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10. War begins. So, who’s going?

<p>Volunteers queuing to enlist in the Australian Imperial Force outside Victoria Barracks, Sydney</p>

Australian War Memorial A03406

<p>Volunteers queuing to enlist in the Australian Imperial Force outside Victoria Barracks, Sydney</p>

The city of Melbourne is in an uproar. On 4 August 1914 Britain declares war on Germany. Australia’s Prime Minister is Andrew Fisher of the Labor party. He says we Australians will back Britain ‘to the last man and the last shilling’. Men are rushing to sign up to fight in the war, which almost everyone thinks will be an easy win for us in the British Empire.

You want to find out why people are so eager to sign up when there is a chance they might die.

You first interview a recruiting officer, Captain Henry Brookes, at one of the recruitment stations that have been set up.

‘Well, any fair dinkum Aussie would and should sign up,’ he says.

You take some notes during your conversation with him.

He tells you what he thinks are the main reasons that people are enlisting:

  • Australia is part of the British Empire.
  • The war will be over in six weeks — the British will win easily.

They only said they needed 20,000 men. By the end of 1914 they’ve had 50,000 volunteers already.

You find a young 19-year-old man (or is he still a boy?), Joseph Leighton. As Joseph is under 21, he will need his father’s permission to enlist. Joseph is eager to tell you why he is enlisting:

  • I’m proud of my king and country.
  • We’re superior to those other races (like the Germans), so we’ll beat them easily.
  • I hate Germans.
  • I’ve got a British background. Actually, mate, about 90 per cent of us do!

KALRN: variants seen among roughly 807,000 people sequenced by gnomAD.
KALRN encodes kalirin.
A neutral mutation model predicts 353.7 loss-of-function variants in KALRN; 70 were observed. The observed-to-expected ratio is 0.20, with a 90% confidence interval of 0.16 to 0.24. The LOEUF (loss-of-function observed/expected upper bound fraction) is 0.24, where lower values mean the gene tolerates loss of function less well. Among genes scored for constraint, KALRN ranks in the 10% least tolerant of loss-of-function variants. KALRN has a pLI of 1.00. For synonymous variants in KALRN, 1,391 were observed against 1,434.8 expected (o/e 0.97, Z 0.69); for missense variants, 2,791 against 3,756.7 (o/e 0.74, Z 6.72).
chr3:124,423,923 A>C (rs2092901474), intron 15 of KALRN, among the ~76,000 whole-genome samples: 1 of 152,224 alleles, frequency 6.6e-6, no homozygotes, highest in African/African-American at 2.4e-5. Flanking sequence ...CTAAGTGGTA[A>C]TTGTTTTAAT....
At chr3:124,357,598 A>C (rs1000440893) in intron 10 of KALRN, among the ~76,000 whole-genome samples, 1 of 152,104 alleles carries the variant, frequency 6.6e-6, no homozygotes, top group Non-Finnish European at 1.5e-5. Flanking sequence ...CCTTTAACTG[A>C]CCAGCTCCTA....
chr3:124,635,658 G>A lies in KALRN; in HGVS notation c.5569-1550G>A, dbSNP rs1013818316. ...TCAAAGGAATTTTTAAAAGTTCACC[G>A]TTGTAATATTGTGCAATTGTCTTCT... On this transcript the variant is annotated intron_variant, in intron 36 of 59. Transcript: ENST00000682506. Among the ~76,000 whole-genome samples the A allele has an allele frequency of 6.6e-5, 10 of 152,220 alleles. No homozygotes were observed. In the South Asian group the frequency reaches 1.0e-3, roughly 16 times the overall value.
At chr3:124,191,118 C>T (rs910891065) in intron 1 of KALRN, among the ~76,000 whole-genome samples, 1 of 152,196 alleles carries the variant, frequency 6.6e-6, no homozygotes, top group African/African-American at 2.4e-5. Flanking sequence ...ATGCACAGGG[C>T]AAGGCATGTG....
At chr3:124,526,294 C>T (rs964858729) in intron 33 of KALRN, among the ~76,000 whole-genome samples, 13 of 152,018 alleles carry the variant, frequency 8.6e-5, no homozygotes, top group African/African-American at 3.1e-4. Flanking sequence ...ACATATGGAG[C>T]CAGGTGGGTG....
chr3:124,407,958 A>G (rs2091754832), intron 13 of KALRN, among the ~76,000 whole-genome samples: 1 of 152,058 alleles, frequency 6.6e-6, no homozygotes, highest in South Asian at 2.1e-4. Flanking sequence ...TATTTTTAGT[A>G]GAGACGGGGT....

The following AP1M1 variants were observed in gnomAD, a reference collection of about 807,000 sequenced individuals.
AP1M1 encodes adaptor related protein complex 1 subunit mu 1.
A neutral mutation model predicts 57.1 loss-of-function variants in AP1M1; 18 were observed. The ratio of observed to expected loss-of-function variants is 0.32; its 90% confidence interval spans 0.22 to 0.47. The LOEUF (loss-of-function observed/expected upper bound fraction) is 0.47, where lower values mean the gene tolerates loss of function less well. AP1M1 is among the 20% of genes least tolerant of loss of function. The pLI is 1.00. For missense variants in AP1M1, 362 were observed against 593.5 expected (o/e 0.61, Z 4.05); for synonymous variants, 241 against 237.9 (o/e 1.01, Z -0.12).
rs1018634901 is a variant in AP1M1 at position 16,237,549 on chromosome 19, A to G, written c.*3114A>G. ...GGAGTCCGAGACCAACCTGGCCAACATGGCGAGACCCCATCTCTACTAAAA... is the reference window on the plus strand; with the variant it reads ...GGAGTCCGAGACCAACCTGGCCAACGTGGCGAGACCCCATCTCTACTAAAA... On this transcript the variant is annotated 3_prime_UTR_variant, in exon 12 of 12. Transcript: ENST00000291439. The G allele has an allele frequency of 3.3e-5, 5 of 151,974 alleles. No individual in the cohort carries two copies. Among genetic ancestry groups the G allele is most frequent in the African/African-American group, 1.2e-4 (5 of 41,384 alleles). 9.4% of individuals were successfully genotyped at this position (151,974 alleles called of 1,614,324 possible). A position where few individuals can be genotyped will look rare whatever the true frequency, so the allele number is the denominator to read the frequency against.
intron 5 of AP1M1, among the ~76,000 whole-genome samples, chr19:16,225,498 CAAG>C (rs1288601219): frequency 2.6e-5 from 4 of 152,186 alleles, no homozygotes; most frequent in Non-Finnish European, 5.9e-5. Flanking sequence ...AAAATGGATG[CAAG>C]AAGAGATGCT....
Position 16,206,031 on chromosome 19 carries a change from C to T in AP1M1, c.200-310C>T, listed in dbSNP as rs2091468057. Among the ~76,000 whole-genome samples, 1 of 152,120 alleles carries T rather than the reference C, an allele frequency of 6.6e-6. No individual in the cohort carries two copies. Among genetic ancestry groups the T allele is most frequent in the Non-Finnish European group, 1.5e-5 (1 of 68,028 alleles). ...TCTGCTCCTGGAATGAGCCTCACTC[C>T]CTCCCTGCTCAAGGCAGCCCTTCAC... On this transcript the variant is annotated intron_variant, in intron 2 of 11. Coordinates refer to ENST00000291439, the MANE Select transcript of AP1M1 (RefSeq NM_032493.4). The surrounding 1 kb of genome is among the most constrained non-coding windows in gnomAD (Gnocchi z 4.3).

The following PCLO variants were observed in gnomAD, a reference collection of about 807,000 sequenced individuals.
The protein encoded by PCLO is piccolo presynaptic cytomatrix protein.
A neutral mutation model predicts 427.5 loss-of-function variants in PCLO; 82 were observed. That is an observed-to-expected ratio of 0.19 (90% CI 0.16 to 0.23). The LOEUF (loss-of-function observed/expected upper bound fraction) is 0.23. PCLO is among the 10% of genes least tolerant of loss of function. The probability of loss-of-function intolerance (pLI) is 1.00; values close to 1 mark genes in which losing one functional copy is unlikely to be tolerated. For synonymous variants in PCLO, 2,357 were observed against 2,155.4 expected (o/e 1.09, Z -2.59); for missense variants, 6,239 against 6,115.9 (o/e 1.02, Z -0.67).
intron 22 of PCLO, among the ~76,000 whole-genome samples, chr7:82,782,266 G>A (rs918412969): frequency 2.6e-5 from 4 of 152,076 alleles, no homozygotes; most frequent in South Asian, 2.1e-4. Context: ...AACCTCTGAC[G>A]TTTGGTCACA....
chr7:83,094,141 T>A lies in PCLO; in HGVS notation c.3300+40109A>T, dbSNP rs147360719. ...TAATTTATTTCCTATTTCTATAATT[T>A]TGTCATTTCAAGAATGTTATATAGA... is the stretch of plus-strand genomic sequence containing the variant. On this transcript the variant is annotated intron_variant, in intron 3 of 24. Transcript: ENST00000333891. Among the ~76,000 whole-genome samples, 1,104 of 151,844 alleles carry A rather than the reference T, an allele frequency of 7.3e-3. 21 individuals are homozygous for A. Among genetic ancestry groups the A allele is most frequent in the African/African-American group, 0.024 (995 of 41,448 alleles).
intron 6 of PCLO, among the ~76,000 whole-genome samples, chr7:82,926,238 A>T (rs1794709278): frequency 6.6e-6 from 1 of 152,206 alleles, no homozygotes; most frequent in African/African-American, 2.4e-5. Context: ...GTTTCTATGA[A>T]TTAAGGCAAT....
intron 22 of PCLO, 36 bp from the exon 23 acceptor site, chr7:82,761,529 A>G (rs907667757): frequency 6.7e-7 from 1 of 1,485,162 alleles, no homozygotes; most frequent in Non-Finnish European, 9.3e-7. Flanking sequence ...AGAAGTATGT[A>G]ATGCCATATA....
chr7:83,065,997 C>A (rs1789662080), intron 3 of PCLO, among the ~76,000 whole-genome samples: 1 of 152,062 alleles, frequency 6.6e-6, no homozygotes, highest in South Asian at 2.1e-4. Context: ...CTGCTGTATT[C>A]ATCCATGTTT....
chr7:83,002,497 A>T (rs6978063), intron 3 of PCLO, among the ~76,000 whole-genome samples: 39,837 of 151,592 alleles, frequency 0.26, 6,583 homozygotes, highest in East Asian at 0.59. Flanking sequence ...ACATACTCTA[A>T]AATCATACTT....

• War looks easy — surely it isn’t going to last long or be harsh?

You find another man, 35-year-old unemployed printer Ethan Broadhurst. He tells you, after some questioning, his reasons for enlisting:

  • It’s my duty.
  • There’s nothing for me here anyhow, with all the changes in the industry there’s no work for people like me.
  • I’ve never been outside Victoria — this is a chance to see the world and get paid for it!
  • Everyone will think I’m a hero when I come back.


Your task

Your editor wants you to understand the different perspectives that drive people to want to join the war.

  • Complete the table.
Captain Henry Brookes 19-year-old Joseph Leighton 35-year-old Ethan Broadhurst
One reason they think people should enlist.
What do you think their biggest concern might be?
What might they be wrong about?

You submit your work to Mr Callister. He summons you to his office immediately.

‘Junior, we’ve got a serious war on our hands! They thought it would be over by Christmas but there isn’t a ghost of a chance that will happen.’

‘I need you on this conflict full-time now youngster. I’ve got a couple of options for your next assignment’.

‘There’s been a big attack on the Dardanelles in Turkey. Australians have landed on some place called “Gallipoli”. If you want to do a story on that, go to the telegraph office and get in touch with my contact in London, Blake Ross, by telegraph. He should be able to give you enough information to write a story.’ Go to 11.

‘The Age is a thinking person’s newspaper. People are going to want to know why we’re in this awful war. Go and speak to my Senior Reporter, Emma Pratt, downstairs. She’s been researching this for a while. She should be able to give you details for an article.’ Go to 27.

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